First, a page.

The fifth Station of the Cross is the judgment of Jesus by Pontius Pilate. The Message says:
At dawn’s first light, the high priests, with the religious leaders and scholars, arranged a conference with the entire Jewish Council. After tying Jesus securely, they took him out and presented him to Pilate.
Pilate asked him, “Are you the ‘King of the Jews’?”
He answered, “If you say so.” The high priests let loose a barrage of accusations.
Pilate asked again, “Aren’t you going to answer anything? That’s quite a list of accusations.” Still, he said nothing. Pilate was impressed, really impressed.
Pilate gave the crowd what it wanted, set Barabbas free and turned Jesus over for whipping and crucifixion.
And the New Revised Standard Version has:
As soon as it was morning, the chief priests held a consultation with the elders and scribes and the whole council. They bound Jesus, led him away, and handed him over to Pilate. Pilate asked him, ‘Are you the King of the Jews?’ He answered him, ‘You say so.’ Then the chief priests accused him of many things. Pilate asked him again, ‘Have you no answer? See how many charges they bring against you.’ But Jesus made no further reply, so that Pilate was amazed. So Pilate, wishing to satisfy the crowd, released Barabbas for them; and after flogging Jesus, he handed him over to be crucified.
This account from Mark’s gospel doesn’t have the very dramatic touch where Pilate refuses to take responsibility for this, saying that Jesus’ blood will be on the hands of everyone in the mob. Pilate washes his hands and wipes them dry in front of everyone, which gives us the expression, washing my hands of the entire matter. This gospel also leaves out the dream of catastrophe that Pilate’s wife has, after which she begs him not to pass judgment on Jesus.
And just like in the third Station, the behavior Jesus presents in front of the people judging him baffles me completely. I mean, doesn’t he know had bad this looks for him? He’s acting like a defiant, sullen teenager, You’ve already made up your mind, so anything I say makes no difference anyway. Just punish me, already, so you can shut up. But then, maybe this is the point.
See, Jesus teaches us that the things of this world aren’t the things that are true or eternally real. In this world, everything changes, everything goes away, everything transforms, everything dies. But in God’s world, everything dances eternally together in light and love. It sounds awfully boring to us, so used to the changing nature of this world, for everything to remain the same forever. But so many of the descriptions of the kingdom of God involve movement: the river of life, the tree of life, the eternal dance of the Trinity. I don’t believe we’ll be bored in God’s realm, but that we will be awed and glorified and eternally loving and thankful. See, those are the things that are real.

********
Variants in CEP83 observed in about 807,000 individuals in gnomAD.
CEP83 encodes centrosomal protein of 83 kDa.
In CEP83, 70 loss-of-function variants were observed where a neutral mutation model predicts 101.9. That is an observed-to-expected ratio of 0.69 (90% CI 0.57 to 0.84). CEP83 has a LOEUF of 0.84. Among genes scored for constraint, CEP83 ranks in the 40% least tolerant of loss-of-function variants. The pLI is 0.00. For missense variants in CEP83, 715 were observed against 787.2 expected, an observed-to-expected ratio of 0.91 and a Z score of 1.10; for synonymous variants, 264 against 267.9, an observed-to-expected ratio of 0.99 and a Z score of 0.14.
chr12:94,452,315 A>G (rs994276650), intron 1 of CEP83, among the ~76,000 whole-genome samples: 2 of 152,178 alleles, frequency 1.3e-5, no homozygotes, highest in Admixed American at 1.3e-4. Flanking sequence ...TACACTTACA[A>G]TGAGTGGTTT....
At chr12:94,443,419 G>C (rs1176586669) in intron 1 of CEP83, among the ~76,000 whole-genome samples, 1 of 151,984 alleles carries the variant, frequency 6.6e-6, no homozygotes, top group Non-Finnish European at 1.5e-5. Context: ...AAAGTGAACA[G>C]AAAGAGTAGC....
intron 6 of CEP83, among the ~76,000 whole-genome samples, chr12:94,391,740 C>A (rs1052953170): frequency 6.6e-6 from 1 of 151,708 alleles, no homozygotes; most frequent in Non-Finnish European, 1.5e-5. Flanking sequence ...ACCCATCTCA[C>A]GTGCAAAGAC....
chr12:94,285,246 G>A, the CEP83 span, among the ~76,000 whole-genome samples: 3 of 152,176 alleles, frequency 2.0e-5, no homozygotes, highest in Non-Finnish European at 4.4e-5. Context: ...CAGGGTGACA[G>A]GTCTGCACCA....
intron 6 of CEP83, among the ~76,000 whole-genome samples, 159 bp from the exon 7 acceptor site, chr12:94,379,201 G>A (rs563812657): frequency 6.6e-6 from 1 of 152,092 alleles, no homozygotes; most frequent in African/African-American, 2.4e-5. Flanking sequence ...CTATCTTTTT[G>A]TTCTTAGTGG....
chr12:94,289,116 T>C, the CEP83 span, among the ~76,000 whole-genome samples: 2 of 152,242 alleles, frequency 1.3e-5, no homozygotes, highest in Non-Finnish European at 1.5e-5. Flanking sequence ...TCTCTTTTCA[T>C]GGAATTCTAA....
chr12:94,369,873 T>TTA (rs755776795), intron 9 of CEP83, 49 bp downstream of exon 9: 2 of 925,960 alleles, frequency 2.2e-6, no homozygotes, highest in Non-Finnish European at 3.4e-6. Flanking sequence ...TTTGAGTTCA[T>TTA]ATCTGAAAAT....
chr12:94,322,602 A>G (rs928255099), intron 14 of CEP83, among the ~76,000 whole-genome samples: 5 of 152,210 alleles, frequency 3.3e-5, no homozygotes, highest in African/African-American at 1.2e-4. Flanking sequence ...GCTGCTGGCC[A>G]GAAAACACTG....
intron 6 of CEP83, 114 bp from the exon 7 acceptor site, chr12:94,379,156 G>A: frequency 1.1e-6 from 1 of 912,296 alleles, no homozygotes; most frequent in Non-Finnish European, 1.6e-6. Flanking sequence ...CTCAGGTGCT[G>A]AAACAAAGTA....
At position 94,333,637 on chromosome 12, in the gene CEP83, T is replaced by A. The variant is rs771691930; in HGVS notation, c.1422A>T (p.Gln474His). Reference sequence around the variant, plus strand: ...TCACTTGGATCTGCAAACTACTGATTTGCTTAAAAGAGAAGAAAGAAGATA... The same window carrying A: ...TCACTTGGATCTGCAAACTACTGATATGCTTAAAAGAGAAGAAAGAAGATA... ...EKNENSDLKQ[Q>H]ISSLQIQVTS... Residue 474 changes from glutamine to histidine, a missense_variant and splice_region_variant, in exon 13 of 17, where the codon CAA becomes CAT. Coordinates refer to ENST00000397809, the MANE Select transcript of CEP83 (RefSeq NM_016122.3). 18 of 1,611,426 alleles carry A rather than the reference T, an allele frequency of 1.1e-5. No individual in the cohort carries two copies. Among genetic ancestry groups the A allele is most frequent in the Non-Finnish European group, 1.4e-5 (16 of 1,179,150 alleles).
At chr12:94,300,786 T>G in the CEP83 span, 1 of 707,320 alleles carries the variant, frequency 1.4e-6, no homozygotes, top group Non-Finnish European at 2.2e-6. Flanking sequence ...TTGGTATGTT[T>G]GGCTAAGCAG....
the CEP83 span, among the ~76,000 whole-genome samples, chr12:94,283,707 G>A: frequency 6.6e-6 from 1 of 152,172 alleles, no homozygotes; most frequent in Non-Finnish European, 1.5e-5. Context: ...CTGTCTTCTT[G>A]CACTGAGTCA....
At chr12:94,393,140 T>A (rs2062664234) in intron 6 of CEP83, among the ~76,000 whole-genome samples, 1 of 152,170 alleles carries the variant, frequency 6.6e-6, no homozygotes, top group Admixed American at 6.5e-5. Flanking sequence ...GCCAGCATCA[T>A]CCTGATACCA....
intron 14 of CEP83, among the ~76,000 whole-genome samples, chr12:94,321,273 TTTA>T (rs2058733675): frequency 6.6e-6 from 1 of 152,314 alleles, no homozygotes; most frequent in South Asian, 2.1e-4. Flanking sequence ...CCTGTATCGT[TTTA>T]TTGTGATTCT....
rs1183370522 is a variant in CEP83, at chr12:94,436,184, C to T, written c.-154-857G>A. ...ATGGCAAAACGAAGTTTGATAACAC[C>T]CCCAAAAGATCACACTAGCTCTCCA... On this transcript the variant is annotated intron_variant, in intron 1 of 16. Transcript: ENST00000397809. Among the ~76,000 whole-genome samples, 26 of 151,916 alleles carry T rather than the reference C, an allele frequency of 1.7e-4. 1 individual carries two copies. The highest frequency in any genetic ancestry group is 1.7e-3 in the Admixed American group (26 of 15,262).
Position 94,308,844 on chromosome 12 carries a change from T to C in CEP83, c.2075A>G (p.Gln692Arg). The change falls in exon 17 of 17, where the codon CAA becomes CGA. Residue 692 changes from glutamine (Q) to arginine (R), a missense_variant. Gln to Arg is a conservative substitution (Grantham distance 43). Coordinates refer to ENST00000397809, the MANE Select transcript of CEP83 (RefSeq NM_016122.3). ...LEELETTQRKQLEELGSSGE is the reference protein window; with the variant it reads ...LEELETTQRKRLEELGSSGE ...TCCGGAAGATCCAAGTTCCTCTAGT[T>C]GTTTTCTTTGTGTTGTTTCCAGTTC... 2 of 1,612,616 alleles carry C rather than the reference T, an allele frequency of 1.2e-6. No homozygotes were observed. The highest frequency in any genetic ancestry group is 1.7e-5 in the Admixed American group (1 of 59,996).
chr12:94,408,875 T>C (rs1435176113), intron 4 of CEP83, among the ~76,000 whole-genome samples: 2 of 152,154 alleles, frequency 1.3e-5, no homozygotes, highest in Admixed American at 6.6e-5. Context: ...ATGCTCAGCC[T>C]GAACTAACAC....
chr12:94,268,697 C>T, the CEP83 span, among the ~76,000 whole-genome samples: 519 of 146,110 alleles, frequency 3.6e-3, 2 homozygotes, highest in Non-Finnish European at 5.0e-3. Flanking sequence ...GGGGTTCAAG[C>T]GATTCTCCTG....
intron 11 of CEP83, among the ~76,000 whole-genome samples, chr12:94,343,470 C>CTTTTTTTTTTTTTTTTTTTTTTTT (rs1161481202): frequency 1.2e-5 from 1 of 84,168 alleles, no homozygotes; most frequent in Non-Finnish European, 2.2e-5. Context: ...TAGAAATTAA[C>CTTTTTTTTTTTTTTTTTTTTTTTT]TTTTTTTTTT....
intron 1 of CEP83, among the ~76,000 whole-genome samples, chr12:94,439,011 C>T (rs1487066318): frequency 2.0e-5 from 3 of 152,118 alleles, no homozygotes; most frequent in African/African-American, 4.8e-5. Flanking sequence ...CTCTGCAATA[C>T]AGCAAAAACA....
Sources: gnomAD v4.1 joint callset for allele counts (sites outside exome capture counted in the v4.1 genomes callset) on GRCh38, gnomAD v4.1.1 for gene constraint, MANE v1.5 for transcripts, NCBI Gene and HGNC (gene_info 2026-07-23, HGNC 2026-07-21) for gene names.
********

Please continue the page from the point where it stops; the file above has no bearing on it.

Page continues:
So Pilate’s judgment, like the judgment of the Sanhedrin, can only affect Jesus for a short time. Once his body dies, Jesus finds a new body, a resurrected body, and a place in God’s kingdom… and Jesus promises us the same. Jesus promises us deliverance from this ever-changing world, freedom from sin and conflict and death. Jesus promises us life and light and love. But he can only give us these gifts once he has been freed from his earthly body. The judgment of human authorities has only one meaning to Jesus: that he will complete his ministry in this world by dying.
I wonder, sometimes, whether Jesus wanted to die. It sure seems to me that he acts like it, in these confrontations. By his demeanor and refusal to defend himself, Jesus may be delivering a message: you don’t hold any real authority over me, only over this body. There are times in the gospel accounts when it sounds like Jesus had become weary, when he tries to escape for some downtime, for some quiet prayer time, for some peace from everybody. As an introvert, I have great sympathy for Jesus in these moments; I’ve known the desperation to just get away from everybody and have quiet. Jesus seemed to know who needed healing. Could he sense this, in everyone around him? Could he feel the brokenness of each individual in the crowds? Could he feel the pain, physical and emotional, in every person he encountered? We know there was squabbling amongst the disciples — the mother of John and James demanded that Jesus tell her which of her sons would sit at his right hand, probably daring the other disciples and their mothers to challenge her — and I wonder whether Jesus winced and squirmed at the things that were spoken, and at the things his friends kept hidden within their minds and hearts. Jesus was 33 years old when he died. He was an incredible prophet and teacher. He healed so many people. Was he weary? Was he doubting that he was making any difference at all? Was he afraid to face decades more of this?
I don’t know. We can’t know, not in this world. But sometimes, especially when I’m feeling weary or doubting or afraid, I wonder.
What do you wonder about Jesus?